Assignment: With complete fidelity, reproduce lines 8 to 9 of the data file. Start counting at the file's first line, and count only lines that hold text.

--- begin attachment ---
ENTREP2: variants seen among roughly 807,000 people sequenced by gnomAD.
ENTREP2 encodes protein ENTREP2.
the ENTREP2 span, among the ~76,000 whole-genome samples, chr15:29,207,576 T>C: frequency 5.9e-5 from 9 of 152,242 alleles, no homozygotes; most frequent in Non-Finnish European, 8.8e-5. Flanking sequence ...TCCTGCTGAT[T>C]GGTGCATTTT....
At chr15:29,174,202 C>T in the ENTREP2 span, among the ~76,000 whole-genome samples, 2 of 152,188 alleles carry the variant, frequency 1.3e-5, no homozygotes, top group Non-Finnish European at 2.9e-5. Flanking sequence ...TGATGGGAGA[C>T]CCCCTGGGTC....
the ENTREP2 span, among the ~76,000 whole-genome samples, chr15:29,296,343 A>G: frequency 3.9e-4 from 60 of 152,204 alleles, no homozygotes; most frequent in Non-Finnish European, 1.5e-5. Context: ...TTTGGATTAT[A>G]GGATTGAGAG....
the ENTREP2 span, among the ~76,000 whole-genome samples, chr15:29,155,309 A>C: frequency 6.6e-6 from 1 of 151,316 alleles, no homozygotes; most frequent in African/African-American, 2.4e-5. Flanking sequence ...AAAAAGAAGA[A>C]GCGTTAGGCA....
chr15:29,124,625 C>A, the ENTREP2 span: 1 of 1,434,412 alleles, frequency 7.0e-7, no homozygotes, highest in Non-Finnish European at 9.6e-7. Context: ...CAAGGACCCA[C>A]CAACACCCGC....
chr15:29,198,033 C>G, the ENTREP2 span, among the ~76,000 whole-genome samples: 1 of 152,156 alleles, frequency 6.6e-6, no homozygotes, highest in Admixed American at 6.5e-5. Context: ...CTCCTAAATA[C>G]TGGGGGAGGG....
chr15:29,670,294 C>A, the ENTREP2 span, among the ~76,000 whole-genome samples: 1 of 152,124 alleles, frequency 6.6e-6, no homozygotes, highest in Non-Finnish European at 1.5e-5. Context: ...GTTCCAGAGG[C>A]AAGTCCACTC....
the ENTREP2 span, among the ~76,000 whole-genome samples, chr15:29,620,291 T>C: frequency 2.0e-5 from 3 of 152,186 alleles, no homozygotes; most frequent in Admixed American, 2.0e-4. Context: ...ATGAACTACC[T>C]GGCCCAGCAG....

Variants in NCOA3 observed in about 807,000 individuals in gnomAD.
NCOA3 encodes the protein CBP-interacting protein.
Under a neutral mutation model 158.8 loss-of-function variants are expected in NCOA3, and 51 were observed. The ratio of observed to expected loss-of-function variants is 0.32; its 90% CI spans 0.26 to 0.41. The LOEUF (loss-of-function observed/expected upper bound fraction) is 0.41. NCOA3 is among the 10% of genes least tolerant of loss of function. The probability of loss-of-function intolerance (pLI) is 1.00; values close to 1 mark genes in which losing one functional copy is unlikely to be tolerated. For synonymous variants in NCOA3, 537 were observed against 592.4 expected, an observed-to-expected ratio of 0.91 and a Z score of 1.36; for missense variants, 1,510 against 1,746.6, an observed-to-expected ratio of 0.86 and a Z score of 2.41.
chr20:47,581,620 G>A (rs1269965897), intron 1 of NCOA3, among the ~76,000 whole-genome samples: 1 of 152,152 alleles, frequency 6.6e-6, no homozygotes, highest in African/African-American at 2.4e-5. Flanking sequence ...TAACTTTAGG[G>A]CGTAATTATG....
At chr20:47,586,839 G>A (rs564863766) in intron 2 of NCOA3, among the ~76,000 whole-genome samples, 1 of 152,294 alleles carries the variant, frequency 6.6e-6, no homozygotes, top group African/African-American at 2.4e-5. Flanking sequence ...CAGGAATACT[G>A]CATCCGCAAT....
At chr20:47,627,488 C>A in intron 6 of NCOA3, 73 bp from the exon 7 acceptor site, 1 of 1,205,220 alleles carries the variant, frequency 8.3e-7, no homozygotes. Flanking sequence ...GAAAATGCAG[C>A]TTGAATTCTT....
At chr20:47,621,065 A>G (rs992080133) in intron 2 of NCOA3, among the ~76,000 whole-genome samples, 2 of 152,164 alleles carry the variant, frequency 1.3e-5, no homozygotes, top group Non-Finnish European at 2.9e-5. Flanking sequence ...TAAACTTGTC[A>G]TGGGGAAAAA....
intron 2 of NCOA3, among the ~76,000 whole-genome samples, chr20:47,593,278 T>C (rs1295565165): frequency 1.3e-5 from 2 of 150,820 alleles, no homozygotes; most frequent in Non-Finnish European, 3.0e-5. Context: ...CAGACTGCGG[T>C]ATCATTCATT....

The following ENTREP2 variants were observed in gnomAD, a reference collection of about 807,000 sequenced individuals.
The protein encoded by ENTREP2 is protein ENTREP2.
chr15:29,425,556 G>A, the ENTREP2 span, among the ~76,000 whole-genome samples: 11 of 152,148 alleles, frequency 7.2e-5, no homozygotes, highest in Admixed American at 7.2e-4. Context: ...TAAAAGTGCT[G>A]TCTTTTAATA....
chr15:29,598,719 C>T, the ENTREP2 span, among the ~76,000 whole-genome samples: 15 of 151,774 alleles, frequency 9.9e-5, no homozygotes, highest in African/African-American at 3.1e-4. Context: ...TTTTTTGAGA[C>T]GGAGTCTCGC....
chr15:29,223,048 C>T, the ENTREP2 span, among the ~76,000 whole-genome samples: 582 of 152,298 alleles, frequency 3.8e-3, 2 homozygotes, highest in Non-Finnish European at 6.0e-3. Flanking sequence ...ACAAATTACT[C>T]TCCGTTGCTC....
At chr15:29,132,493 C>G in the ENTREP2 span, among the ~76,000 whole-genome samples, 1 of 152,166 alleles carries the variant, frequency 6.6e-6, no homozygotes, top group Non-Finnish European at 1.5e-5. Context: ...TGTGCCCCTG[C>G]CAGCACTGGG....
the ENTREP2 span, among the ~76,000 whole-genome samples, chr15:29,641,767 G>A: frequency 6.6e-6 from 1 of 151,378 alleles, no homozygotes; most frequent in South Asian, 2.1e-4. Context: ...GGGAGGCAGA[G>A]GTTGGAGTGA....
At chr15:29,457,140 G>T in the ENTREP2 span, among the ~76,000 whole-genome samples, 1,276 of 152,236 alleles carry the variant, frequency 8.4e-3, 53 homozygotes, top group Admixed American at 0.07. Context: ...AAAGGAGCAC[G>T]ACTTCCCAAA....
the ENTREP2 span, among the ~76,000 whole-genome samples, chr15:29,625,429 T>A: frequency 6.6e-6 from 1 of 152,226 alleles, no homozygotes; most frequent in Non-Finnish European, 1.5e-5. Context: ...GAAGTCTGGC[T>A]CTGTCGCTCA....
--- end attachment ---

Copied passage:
chr15:29,198,033 C>G, the ENTREP2 span, among the ~76,000 whole-genome samples: 1 of 152,156 alleles, frequency 6.6e-6, no homozygotes, highest in Admixed American at 6.5e-5. Context: ...CTCCTAAATA[C>G]TGGGGGAGGG....
chr15:29,670,294 C>A, the ENTREP2 span, among the ~76,000 whole-genome samples: 1 of 152,124 alleles, frequency 6.6e-6, no homozygotes, highest in Non-Finnish European at 1.5e-5. Context: ...GTTCCAGAGG[C>A]AAGTCCACTC....